I thought Ranthambore amazed me, but Tadoba blew my mind. We visited Agarzari zone in one of the safaris. It used to be a village once but resettlement was done and now its a swampy forest with exotic sounding birds like the Bronze-winged Jacana. Sadly my camera wasn’t that powerful to capture it, it’s like a cross between a chicken and a peacock (size of a chicken and the emerald blue colour of a peacock), well that?s how I remembered it anyway.

This little bird (The Indian Roller – pictured down) we saw in plenty, and such a tiny fluttering thing it is, with so many colours! Nature amazes.

The children were lapping up names of the birds and it surprised me and made me glad that by the end of the trip, almost 70% could recall 70% names. That is quite an achievement considering the names almost sound like another language.

This male sambar was very cautious, he kept looking at us. The way he looked after his family is a sight which says animals aren?t so different from us.

We did see the Tiger ? eventually. Near the Telia Lake we heard alarm calls and besides a huge lake, there lay two tiger cubs resting behind the tall grass. A wild pig with an egret following it strolled unaware of the danger. Mother Choti Tara gave us a blink and miss, she went to the deepest part of the grassland. Meanwhile, we anticipated our luck at witnessing a kill-chase.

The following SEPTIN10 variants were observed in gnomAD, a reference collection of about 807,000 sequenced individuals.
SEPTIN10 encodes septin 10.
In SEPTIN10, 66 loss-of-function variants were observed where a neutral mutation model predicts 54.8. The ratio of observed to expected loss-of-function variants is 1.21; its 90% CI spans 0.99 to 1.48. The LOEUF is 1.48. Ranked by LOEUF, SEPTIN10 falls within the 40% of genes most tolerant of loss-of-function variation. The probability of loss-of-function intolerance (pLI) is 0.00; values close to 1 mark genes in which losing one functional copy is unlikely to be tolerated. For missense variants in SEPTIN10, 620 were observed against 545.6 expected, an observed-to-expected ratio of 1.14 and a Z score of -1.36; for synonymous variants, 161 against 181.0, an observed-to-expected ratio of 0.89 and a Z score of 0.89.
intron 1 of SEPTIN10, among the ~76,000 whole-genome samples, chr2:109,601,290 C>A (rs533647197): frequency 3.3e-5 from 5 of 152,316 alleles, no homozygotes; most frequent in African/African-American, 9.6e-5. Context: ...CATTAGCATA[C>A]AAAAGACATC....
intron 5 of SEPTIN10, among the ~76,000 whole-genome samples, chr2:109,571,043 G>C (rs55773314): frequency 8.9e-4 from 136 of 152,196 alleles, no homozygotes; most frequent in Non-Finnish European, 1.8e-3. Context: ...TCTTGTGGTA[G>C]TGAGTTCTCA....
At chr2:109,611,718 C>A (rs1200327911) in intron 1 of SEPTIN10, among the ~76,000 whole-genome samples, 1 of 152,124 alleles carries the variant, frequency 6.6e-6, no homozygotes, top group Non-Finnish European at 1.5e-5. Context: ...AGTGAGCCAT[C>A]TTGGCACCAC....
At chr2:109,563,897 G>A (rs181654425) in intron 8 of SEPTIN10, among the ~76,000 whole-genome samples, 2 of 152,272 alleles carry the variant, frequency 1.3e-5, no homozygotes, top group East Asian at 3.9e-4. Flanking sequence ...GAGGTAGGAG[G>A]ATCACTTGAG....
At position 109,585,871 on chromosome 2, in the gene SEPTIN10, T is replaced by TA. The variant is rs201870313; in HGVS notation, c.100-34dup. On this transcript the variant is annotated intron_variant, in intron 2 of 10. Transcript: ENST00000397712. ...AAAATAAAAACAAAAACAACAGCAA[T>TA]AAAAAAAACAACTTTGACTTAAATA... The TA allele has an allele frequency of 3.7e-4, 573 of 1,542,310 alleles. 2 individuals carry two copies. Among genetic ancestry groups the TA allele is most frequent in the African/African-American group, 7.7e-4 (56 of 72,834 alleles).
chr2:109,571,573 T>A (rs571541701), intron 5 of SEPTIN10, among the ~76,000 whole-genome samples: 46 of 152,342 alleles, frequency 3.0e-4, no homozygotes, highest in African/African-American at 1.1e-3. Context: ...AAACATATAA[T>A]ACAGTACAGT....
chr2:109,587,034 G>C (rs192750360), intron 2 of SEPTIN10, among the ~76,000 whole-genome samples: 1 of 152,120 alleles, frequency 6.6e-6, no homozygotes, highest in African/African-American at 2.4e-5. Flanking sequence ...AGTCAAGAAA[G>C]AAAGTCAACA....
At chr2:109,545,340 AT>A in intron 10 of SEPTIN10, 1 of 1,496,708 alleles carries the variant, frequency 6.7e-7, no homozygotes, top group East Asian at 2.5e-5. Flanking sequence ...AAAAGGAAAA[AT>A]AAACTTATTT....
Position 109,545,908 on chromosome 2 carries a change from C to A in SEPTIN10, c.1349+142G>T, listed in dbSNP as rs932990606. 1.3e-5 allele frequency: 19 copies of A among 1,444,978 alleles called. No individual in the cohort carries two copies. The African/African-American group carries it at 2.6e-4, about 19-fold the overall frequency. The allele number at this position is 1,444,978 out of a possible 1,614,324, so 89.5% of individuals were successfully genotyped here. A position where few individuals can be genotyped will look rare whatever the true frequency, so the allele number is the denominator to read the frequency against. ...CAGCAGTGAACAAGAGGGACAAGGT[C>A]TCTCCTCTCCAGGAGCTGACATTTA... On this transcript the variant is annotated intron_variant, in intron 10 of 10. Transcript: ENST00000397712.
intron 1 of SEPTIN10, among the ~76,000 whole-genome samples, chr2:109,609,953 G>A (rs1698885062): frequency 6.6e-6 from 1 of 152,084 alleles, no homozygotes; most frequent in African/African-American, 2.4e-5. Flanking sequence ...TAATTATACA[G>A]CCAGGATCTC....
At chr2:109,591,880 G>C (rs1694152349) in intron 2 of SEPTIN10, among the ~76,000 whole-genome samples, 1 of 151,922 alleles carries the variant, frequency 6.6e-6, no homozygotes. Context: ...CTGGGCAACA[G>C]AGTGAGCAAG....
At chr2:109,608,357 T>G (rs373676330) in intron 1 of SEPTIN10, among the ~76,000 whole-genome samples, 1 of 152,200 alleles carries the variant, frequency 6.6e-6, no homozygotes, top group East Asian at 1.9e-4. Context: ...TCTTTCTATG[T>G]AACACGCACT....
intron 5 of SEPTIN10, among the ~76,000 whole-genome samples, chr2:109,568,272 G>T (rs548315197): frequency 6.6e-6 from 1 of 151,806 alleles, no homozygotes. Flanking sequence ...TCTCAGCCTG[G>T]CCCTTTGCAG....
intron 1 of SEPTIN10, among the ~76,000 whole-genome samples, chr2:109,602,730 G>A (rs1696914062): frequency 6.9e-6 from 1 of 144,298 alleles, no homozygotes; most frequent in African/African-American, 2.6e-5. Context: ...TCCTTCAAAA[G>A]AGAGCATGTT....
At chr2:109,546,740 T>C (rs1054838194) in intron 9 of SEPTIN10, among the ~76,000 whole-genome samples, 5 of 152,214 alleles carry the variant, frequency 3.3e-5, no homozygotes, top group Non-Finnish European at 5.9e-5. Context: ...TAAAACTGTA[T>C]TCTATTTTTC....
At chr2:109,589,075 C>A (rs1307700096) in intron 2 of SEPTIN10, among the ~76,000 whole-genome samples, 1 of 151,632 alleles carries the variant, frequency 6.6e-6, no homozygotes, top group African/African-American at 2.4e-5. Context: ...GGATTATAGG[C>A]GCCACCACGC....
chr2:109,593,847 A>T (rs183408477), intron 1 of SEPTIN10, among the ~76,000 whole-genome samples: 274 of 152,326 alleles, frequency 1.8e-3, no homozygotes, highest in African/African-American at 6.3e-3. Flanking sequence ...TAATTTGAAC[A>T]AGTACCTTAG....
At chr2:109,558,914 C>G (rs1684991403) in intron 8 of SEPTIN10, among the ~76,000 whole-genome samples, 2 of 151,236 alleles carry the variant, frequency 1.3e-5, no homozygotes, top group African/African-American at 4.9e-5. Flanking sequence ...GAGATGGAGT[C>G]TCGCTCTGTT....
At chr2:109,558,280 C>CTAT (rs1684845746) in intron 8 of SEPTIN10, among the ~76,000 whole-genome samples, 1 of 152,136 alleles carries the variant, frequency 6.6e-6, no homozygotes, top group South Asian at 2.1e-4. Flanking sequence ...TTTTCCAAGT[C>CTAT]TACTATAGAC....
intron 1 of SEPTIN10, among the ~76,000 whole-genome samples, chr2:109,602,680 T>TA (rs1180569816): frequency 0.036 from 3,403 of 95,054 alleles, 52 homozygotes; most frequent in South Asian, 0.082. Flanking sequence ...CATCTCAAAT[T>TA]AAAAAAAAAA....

The cubs advanced slowly with the dexterity of a sly cautious being, where I was instantly reminded of a common house cat about to chase and pounce on a random object. The slowly advancing cubs made our hearts race, it was so exciting I cannot describe it in words. But immature and inexperienced as they were, the pig ran away sensing the danger.

If you open your eyes and mind, the nature has a lot to teach you, but only if you let it. As intricate and simple it is, the system of monkeys and peacocks sounding alarm calls astounds me. Such a simple way to exist peacefully in a forest where there are many different species and nor just one. When can we humans as one species evolve to do that? The monkey and the peacock don’t owe anyone anything. They still do it. The termites or the ant hill where there are separate chambers for the nursery, doesn’t that boggle your mind?

The weaver bird who builds its nest painstakingly one stick at a time with a chamber and a passage for egg hatching. So many intricacies and mysteries nature holds, only if we take an interest. Well, I cannot go back to studying animals and plants but I was lucky to be in the company of someone who knew about them. I was of course devouring the new information keeping a receptive mind ? The travel becomes as exciting, as intellectual and as organised as the company.

Nature teaches you to be a student, a learner of many new things, simple and deep. We as humans realise we are so full of ego and stuck in our own selves. But in front of this huge expanse, you have to let go of your ego to see the beauty it is.

Dil ki yeh dhadkan theherja, mil gayi manzil mujhe?.!!! ?